Filmed aboard the Canadian icebreaker Amundsen, which has been converted into a floating clinic as part of the largest health survey ever conducted on Nunavik Inuit. We follow Lydia Audlaluk, a young Montreal resident from Ivujivik in Nunavik's Northwest cape, the main interviewer and intake specialist for the survey. As she greets her extended family and neighbouring communities, we feel the tension between the appeal of traditional life in the North and her return to Montreal where she is building a professional life. 

Although the health survey expedition is at the behest of Nunavik Regional Board of Health and Social Services, encounters between the ship's 40 crew members and the 2000 Inuit participants are fraught. Health data collection in the region is key to improving programs and services, the dearth of which have resulted in an epidemic crisis, which Lydia comes to learn has tragically reached into her own family.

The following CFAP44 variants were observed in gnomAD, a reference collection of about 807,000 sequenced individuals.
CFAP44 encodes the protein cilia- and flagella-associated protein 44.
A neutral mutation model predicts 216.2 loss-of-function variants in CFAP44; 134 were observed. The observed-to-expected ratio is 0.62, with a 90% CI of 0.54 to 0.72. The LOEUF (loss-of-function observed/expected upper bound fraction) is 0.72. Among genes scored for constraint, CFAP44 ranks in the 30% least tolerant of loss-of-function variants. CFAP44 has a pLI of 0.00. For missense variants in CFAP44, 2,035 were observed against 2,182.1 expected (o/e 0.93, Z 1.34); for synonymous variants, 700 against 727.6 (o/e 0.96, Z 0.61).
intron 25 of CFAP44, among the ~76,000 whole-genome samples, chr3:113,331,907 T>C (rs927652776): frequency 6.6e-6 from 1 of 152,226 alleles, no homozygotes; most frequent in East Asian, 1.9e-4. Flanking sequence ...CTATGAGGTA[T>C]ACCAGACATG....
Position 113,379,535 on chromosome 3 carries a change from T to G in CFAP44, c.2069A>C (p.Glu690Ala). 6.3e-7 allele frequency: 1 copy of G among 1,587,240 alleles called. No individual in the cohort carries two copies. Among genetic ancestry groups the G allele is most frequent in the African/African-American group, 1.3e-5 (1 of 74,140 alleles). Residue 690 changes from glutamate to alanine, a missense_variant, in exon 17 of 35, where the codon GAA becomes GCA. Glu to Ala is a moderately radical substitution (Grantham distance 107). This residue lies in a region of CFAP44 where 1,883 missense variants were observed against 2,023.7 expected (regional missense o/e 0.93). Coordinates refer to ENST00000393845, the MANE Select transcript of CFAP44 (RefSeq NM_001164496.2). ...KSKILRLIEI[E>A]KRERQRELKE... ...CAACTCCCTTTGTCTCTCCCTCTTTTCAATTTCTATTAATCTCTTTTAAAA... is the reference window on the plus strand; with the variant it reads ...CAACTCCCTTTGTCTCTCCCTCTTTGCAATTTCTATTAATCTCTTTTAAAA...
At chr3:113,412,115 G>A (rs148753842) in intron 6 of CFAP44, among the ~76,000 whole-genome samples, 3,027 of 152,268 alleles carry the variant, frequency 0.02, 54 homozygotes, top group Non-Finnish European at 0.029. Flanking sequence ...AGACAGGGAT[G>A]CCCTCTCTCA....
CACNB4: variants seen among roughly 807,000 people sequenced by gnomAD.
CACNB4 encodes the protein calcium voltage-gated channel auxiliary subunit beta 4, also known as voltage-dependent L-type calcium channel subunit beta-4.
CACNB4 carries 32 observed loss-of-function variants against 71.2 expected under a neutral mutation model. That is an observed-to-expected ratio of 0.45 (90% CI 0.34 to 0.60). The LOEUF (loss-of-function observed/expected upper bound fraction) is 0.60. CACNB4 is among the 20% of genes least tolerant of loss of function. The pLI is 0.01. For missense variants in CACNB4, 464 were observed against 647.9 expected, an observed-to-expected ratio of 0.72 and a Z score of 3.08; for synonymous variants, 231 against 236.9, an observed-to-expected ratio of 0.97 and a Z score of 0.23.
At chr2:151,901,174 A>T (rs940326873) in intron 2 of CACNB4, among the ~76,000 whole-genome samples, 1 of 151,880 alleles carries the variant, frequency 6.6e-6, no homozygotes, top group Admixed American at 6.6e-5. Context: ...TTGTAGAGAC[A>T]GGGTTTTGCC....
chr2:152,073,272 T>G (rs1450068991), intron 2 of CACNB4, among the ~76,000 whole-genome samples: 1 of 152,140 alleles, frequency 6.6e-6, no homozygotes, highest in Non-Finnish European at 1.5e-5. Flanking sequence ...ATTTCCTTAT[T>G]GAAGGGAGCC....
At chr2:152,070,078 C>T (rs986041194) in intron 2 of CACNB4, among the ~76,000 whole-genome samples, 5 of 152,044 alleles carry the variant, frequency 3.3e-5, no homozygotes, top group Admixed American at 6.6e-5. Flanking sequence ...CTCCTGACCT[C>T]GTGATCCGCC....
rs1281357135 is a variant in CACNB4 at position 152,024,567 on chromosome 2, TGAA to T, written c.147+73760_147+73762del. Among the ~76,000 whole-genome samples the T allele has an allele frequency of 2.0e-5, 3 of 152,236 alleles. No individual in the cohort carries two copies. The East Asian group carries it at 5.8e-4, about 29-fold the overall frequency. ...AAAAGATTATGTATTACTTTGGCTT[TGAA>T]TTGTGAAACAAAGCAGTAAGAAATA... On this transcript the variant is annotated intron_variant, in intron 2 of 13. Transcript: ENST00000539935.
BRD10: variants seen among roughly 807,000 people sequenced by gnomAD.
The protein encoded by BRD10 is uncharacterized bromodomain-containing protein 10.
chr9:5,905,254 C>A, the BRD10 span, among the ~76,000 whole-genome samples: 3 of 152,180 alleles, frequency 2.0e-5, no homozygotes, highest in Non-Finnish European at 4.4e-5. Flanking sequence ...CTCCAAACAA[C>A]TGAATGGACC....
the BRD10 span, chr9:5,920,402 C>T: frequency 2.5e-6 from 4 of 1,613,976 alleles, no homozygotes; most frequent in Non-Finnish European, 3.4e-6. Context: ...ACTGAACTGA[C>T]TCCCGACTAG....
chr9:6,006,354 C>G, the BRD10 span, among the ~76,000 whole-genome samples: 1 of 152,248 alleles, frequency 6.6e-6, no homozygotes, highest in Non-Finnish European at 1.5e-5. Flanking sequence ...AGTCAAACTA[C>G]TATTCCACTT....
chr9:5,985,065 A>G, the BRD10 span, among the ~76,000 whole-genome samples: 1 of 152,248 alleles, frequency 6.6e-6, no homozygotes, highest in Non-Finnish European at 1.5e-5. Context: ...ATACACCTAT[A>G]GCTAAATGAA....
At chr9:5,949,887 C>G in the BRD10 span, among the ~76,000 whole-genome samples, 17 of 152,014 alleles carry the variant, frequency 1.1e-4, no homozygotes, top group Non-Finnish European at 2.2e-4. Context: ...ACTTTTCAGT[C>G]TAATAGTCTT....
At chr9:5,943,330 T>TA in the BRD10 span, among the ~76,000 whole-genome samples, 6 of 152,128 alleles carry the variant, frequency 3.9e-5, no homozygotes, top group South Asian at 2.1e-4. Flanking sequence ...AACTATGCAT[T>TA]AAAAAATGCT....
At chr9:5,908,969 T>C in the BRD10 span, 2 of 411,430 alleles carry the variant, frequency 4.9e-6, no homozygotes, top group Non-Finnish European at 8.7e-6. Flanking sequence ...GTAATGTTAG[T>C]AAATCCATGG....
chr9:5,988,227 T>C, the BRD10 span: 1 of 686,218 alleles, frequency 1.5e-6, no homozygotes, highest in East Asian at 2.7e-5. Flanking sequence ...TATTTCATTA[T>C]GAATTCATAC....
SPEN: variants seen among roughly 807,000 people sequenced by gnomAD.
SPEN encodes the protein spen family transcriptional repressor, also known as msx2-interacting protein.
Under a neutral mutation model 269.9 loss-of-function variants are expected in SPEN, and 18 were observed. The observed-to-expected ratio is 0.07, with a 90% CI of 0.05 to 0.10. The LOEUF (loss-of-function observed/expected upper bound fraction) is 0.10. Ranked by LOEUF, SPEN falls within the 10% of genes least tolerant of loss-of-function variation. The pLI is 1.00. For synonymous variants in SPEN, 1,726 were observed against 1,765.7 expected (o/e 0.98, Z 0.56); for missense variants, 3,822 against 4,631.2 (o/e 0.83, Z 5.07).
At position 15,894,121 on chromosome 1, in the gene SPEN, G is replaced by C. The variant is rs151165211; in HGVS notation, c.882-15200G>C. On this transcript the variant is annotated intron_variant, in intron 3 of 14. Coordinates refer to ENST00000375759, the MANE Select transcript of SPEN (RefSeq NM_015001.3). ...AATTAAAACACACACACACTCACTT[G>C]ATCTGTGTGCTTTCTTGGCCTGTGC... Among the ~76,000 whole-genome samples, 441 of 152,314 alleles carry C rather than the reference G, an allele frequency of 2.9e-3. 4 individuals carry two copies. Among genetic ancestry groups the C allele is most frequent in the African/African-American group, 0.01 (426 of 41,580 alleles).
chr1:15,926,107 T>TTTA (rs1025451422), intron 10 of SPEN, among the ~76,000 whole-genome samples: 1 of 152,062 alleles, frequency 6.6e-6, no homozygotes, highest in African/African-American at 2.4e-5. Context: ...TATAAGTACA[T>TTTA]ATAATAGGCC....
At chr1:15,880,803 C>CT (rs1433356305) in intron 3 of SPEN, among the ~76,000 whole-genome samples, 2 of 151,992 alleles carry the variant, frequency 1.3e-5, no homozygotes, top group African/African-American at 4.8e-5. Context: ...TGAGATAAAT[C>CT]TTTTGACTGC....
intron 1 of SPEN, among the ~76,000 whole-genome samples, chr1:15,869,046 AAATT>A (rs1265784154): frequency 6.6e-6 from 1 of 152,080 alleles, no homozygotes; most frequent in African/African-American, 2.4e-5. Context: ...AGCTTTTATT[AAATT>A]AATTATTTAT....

Qanuilirpitaa? How Are We Now? aired on CBC Television on September 18. Watch it on CBC Gem here.

Just as I am

This film follows the Montreal Shira Choir, an inclusive group of singers with developmental disabilities dedicated to celebrating the power of music. We follow Cantor Benlolo, whose ultimate goal is to unite people of all ages and abilities, as he maneuvers ways to achieve this despite the pandemic.

Just as I am aired on CBC Television on Sept. 25. Watch it on CBC Gem here.

Just as I am follows the Montreal Shira Choir, an inclusive group of singers with developmental disabilities dedicated to celebrating the power of music. (Noah Leon (Courtesy Ontic Media))

October 2 at 7 p.m. - Beyond Bollywood

Montreal-based Filmmaker Rahila Bootwala left India as a young woman, wanting to work in film but feeling disconnected from an industry dominated by men and beholden to their fantasies. In Beyond Bollywood, Rahila goes back to confront her past and to meet with the women who are reshaping the industry and challenging its stereotypes.